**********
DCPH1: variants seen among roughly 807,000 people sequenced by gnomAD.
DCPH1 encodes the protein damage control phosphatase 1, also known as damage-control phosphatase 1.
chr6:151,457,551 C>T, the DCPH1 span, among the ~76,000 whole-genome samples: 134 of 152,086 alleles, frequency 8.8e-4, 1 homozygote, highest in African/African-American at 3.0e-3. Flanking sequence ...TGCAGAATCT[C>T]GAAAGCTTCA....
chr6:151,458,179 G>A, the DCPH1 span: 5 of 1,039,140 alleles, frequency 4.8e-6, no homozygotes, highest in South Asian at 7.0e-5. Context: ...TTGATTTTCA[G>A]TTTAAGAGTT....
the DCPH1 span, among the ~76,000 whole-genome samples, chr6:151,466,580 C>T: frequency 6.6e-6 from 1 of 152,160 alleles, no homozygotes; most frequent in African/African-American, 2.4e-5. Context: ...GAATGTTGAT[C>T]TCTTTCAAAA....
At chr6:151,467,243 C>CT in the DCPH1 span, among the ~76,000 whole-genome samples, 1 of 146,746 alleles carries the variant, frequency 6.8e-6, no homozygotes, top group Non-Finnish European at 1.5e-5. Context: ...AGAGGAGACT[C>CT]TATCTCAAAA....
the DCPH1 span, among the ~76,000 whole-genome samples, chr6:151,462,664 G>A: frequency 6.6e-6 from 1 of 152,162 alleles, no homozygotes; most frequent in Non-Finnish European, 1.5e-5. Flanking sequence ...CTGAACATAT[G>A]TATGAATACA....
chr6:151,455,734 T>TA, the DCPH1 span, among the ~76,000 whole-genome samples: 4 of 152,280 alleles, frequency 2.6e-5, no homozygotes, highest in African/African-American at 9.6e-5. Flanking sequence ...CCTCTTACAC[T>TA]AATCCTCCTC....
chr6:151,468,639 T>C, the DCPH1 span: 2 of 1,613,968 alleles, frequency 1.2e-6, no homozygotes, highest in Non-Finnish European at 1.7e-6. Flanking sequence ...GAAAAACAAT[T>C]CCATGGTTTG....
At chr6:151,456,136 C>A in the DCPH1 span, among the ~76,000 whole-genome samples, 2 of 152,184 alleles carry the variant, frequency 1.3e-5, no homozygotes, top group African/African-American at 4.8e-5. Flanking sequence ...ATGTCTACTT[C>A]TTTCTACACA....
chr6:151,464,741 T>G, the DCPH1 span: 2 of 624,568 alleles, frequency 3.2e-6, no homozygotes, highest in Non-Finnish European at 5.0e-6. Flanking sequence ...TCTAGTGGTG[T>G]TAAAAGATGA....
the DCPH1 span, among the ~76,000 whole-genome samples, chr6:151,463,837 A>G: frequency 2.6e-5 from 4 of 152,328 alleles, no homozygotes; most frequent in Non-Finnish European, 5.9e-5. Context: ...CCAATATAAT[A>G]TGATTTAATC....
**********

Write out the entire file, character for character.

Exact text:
DCPH1: variants seen among roughly 807,000 people sequenced by gnomAD.
DCPH1 encodes the protein damage control phosphatase 1, also known as damage-control phosphatase 1.
chr6:151,457,551 C>T, the DCPH1 span, among the ~76,000 whole-genome samples: 134 of 152,086 alleles, frequency 8.8e-4, 1 homozygote, highest in African/African-American at 3.0e-3. Flanking sequence ...TGCAGAATCT[C>T]GAAAGCTTCA....
chr6:151,458,179 G>A, the DCPH1 span: 5 of 1,039,140 alleles, frequency 4.8e-6, no homozygotes, highest in South Asian at 7.0e-5. Context: ...TTGATTTTCA[G>A]TTTAAGAGTT....
the DCPH1 span, among the ~76,000 whole-genome samples, chr6:151,466,580 C>T: frequency 6.6e-6 from 1 of 152,160 alleles, no homozygotes; most frequent in African/African-American, 2.4e-5. Context: ...GAATGTTGAT[C>T]TCTTTCAAAA....
At chr6:151,467,243 C>CT in the DCPH1 span, among the ~76,000 whole-genome samples, 1 of 146,746 alleles carries the variant, frequency 6.8e-6, no homozygotes, top group Non-Finnish European at 1.5e-5. Context: ...AGAGGAGACT[C>CT]TATCTCAAAA....
the DCPH1 span, among the ~76,000 whole-genome samples, chr6:151,462,664 G>A: frequency 6.6e-6 from 1 of 152,162 alleles, no homozygotes; most frequent in Non-Finnish European, 1.5e-5. Flanking sequence ...CTGAACATAT[G>A]TATGAATACA....
chr6:151,455,734 T>TA, the DCPH1 span, among the ~76,000 whole-genome samples: 4 of 152,280 alleles, frequency 2.6e-5, no homozygotes, highest in African/African-American at 9.6e-5. Flanking sequence ...CCTCTTACAC[T>TA]AATCCTCCTC....
chr6:151,468,639 T>C, the DCPH1 span: 2 of 1,613,968 alleles, frequency 1.2e-6, no homozygotes, highest in Non-Finnish European at 1.7e-6. Flanking sequence ...GAAAAACAAT[T>C]CCATGGTTTG....
At chr6:151,456,136 C>A in the DCPH1 span, among the ~76,000 whole-genome samples, 2 of 152,184 alleles carry the variant, frequency 1.3e-5, no homozygotes, top group African/African-American at 4.8e-5. Flanking sequence ...ATGTCTACTT[C>A]TTTCTACACA....
chr6:151,464,741 T>G, the DCPH1 span: 2 of 624,568 alleles, frequency 3.2e-6, no homozygotes, highest in Non-Finnish European at 5.0e-6. Flanking sequence ...TCTAGTGGTG[T>G]TAAAAGATGA....
the DCPH1 span, among the ~76,000 whole-genome samples, chr6:151,463,837 A>G: frequency 2.6e-5 from 4 of 152,328 alleles, no homozygotes; most frequent in Non-Finnish European, 5.9e-5. Context: ...CCAATATAAT[A>G]TGATTTAATC....